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From Baker Street to Llanerfyl

Created on 07/01/2011 @ 12:36


The music industry has been mourning the loss of Gerry Rafferty this week who died aged 63 after alcohol finally won its battle with the Scotsman.
And it struck a chord locally for one musician who can relate to Rafferty’s most famous hit, Baker Street, more than most.
Ian Gomm (right) has had a lifelong association with music, having gained notable success as both a recording artist, since starting his career as an apprentice with EMI's mechanical and engineering departments.
Just a year after Baker Street was topping charts across the world in 1978, Gomm had teamed up with the saxophonist Raf Ravenscroft who played the famous introduction to the song.
The pair enjoyed considerable success with one single reaching number 12 on the US top 100.
Here, mywelshpool looks back on the incredible life of musician Ian Gomm and has a listen to his latest work:
Perhaps best known as one of the guitarists/vocalists for the seminal pub rock group Brinsley Schwarz, Ian Gomm began his career in music as an apprentice in EMI's mechanical and engineering departments.
During his five years with the label, Ian also fronted several R&B-inspired trios, opening for bands such as the Who, the Move, and Pink Floyd. By 1970, Ian was ready to pursue playing music full-time; he quit his job at EMI on a Friday and was playing with Brinsley Schwarz by Monday.
Ian's versatility as a singer, songwriter, and guitar player (he was named "Best Rhythm Guitarist" by NME in 1971) helped the group make the transition from folky country-rock to straight-ahead pub rock - Ian's recording debut with the band, Nervous on the Road, is one of the group's best albums and features one of Ian's strongest songs, "It's Been So Long." He stayed with Brinsley Schwarz until the group folded in 1975. Ian then moved to Wales, where he built his own studio and recorded sessions by the Stranglers, Amon Düül, and Alexis Korner.
He also worked on his own material and signed to Albion, who released his solo debut, Summer Holiday, in 1978 produced by Martin Rushent, who also was The Stranglers, The Buzzcocks and The Human League's record producer. The following year, Stiff/Epic issued the album as Gomm with the Wind in America, where the single (featuring saxophonist Raf Ravenscroft of "Baker Street" fame) "Hold On" reached number 12 in the Hot 100 and led to a gig supporting Dire Straits on their Sultans of Swing tour.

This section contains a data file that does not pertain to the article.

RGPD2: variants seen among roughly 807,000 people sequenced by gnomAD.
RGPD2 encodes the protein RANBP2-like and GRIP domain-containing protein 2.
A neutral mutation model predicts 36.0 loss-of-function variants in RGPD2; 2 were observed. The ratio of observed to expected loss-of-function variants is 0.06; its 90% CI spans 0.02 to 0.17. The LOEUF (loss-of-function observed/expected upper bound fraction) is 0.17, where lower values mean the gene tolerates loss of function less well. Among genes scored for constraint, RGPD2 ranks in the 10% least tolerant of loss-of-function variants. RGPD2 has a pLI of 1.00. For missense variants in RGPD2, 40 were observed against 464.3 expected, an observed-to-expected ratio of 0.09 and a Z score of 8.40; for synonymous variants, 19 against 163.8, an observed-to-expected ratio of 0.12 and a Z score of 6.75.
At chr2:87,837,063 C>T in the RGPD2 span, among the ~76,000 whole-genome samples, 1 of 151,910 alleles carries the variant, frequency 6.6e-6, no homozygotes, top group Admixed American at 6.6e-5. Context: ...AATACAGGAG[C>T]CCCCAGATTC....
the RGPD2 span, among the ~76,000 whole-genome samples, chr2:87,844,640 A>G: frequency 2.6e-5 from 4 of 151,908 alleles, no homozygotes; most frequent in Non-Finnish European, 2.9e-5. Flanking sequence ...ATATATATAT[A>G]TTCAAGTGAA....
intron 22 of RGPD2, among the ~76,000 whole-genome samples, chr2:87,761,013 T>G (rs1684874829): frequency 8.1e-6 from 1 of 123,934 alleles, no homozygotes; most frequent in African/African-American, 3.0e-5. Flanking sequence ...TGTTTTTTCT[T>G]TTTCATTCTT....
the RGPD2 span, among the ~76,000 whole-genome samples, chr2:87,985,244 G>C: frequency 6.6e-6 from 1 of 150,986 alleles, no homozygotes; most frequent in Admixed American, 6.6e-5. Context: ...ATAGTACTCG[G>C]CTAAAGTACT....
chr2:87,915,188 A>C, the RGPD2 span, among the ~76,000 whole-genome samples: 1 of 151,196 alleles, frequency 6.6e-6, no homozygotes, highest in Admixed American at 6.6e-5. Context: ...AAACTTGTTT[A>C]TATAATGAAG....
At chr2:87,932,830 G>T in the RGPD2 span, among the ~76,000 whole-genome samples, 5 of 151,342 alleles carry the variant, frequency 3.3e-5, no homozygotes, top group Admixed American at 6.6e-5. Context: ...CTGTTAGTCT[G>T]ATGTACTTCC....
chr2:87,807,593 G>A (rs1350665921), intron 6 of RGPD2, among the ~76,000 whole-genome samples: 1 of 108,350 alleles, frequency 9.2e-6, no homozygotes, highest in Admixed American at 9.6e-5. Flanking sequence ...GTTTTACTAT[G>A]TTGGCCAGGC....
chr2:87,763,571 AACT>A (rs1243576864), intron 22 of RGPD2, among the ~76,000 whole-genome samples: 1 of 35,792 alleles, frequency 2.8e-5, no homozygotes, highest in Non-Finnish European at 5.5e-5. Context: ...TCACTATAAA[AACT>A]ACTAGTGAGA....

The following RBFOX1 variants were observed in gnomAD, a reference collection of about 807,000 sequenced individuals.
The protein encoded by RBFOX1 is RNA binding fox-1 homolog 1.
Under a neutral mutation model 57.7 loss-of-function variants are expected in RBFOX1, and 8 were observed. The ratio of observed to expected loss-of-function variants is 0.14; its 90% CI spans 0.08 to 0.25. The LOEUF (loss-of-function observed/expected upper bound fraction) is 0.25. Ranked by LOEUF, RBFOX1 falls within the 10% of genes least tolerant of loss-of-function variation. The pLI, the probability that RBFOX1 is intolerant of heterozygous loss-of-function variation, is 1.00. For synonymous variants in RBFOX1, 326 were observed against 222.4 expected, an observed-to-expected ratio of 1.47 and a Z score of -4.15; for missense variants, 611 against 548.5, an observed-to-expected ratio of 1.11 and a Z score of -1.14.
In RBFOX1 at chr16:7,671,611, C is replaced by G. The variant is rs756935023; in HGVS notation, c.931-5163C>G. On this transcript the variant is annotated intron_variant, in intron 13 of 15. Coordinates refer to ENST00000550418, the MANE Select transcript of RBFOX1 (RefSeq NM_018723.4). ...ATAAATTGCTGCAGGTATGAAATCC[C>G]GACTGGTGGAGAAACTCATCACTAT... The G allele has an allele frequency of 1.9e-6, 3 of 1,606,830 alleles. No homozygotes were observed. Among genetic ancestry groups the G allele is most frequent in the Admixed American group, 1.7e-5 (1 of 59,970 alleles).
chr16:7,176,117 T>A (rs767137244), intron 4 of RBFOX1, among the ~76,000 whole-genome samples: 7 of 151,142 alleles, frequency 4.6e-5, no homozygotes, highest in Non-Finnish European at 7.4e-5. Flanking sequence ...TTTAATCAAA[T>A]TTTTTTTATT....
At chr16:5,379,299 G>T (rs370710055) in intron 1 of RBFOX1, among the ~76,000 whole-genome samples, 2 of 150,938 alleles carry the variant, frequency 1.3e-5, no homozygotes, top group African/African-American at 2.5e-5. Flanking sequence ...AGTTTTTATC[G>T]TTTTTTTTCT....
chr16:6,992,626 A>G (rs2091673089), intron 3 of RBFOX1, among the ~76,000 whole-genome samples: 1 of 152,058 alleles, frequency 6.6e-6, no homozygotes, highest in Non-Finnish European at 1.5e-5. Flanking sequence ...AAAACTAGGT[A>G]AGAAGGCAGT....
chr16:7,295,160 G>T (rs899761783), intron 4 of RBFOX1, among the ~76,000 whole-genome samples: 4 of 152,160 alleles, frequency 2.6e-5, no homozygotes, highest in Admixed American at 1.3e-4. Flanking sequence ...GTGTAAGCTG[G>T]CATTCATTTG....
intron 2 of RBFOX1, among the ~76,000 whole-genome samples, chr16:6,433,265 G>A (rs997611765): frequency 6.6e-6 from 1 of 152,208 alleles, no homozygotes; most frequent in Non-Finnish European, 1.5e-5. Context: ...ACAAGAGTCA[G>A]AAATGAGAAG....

Subsequent solo albums included What a Blow, The Village Voice (which included "Louise," a song that became Phil Everly's first solo hit) and 1986's Images, his final release of the '80s.
Ian spent the rest of the decade building a new studio, Mountain Sound, and writing more songs. Producing and engineering also kept him busy until 1997, when he released Crazy for You.
In 2000, he returned to the studio with Jeff "Stick" Davis of the Amazing Rhythm Aces and Pat McInerney of Nanci Griffith's Blue Moon Orchestra to record Rock 'N' Roll Heart, which was released in 2002 and also features performances by the Rhythm Aces' Russell Smith and Griffith. Last year Ian recorded a new album at Bos Studio, Llanerfyl with American Jeb Loy Nichols who now lives in Carmel, Adfa.
Coming from different generations and countries, Ian and Jeb (right) may not initially seem to be candidates for collaboration, but the two singer/songwriters share similar roots in soulful country-rock. The pair explore these roots on the quietly wonderful duet album "Only Time Will Tell", singing songs composed by several of their mutual idols - the great Jim Ford, Bobby Womack, Curtis Mayfield, and Clover - along with throwing a handful of their originals into the mix.
The pair isn’t the only players here - they’re supported by a handful of other veteran roots rockers, most notably Clive Gregson - but the nice thing about the album is that it’s so intimate that it feels like they’re the only two musicians in the room, just laying back, strumming acoustic guitars and singing some of their favorite tunes.
"Only Time Will Tell" is never more complicated than that, but its simplicity is its charm: all its warmth derives from Gomm's and Nichols' shared love for these songs, and if you happen to also love these songs, it’s hard to resist this record, but if you’re unfamiliar with the tunes, their heartfelt warmth will win you over.